Wednesday, August 20, 2008

Are we repeating postwar errors in urban renewal?

This is a first of a series of articles based upon "A City Transformed; Redevelopment, Race, and Suburbanization in Lancaster, Pennsylvania, 1940 – 1980" by Franklin & Marshall historian David Schuyler.

In referring to effect of the Housing Act of 1949, Schuyler quotes Judith Martin and Antony Goddard as observing , in reference to Minneapolis and St. Paul, Minnesota, "Urban renewal made a vast pool of [federal]resources available to cities but left decisions about where and how to spend the money primarily to local officials' discretion."

Schuyler then states "In Lancaster, the decisions made by local agencies compromised most urban renewal programs, especially residential projects. The combination of a massive infusion of federal and state dollars and generally ineffectual local governments had disastrous consequences."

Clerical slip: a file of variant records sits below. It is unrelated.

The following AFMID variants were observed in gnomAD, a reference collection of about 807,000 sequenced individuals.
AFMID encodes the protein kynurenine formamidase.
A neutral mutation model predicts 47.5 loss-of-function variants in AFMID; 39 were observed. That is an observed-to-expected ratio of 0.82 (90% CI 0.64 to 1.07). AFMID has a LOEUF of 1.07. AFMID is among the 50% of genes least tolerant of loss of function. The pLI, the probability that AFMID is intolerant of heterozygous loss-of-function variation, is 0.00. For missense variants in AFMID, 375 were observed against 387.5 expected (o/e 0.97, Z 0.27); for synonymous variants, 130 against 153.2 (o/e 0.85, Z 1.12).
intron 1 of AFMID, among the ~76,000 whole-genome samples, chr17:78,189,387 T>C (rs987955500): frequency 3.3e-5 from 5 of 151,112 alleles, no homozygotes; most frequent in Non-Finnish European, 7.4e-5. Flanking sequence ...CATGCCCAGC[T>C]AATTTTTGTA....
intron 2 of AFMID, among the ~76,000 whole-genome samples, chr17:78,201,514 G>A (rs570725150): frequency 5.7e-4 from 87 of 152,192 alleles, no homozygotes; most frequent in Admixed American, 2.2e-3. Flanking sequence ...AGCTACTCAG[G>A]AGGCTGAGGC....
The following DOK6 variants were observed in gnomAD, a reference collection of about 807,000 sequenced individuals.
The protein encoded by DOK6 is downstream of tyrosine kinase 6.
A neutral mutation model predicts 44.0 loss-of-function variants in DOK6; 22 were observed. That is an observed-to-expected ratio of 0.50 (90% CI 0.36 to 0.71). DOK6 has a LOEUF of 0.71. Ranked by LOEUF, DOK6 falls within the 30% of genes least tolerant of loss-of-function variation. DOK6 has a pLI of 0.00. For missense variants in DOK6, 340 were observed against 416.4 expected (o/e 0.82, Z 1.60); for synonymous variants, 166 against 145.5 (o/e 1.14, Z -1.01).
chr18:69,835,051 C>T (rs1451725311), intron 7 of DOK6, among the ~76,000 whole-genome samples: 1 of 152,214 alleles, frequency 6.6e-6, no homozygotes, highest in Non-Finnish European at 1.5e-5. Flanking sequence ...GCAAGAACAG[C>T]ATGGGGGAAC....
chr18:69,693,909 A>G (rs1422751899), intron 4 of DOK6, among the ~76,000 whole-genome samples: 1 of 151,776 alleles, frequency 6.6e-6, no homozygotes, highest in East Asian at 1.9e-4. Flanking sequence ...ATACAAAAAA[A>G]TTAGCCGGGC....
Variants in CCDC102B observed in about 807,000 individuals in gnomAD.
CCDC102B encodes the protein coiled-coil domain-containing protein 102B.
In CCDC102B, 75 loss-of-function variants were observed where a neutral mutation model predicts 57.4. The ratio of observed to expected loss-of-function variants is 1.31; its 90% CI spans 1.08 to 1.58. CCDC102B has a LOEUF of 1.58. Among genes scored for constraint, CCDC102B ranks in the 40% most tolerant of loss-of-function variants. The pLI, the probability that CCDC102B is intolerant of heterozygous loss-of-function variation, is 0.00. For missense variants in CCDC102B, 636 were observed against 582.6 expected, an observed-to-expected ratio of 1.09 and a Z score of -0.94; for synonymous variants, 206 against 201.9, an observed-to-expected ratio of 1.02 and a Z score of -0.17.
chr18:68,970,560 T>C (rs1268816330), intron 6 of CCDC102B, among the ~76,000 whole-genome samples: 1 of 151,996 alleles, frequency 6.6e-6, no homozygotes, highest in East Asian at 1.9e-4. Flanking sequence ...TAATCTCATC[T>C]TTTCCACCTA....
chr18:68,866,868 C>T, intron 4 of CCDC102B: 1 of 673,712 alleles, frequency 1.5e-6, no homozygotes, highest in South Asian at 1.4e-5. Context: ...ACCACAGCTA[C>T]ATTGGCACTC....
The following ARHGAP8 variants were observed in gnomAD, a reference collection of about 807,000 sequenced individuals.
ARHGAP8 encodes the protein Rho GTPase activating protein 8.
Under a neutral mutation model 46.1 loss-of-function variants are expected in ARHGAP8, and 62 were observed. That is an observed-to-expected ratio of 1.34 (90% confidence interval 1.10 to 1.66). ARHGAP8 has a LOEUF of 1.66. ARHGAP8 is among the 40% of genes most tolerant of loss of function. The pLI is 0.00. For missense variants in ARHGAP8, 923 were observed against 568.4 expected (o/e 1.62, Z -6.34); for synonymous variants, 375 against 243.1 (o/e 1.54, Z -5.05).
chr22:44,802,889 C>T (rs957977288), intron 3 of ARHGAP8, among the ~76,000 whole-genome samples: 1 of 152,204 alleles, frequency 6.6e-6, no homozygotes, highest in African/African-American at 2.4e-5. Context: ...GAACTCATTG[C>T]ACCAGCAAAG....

In our current times with federal, state and local governments providing or guaranteeing over 90% of the required funds for the Convention Center / Hotel Project and the Street Car Project, do we not have history repeating itself?

Rather than focusing on factual information and what is best for the future of Lancaster, the sponsors / prime movers concentrate on how to utilize and, in some cases, profit from the use of governmental generated funding. Feasibility reports are banned and, when others provide them, repudiated and ignored.

The approach: Accomplish the project by hook or by crook, and what happens afterwards will be the public's problem.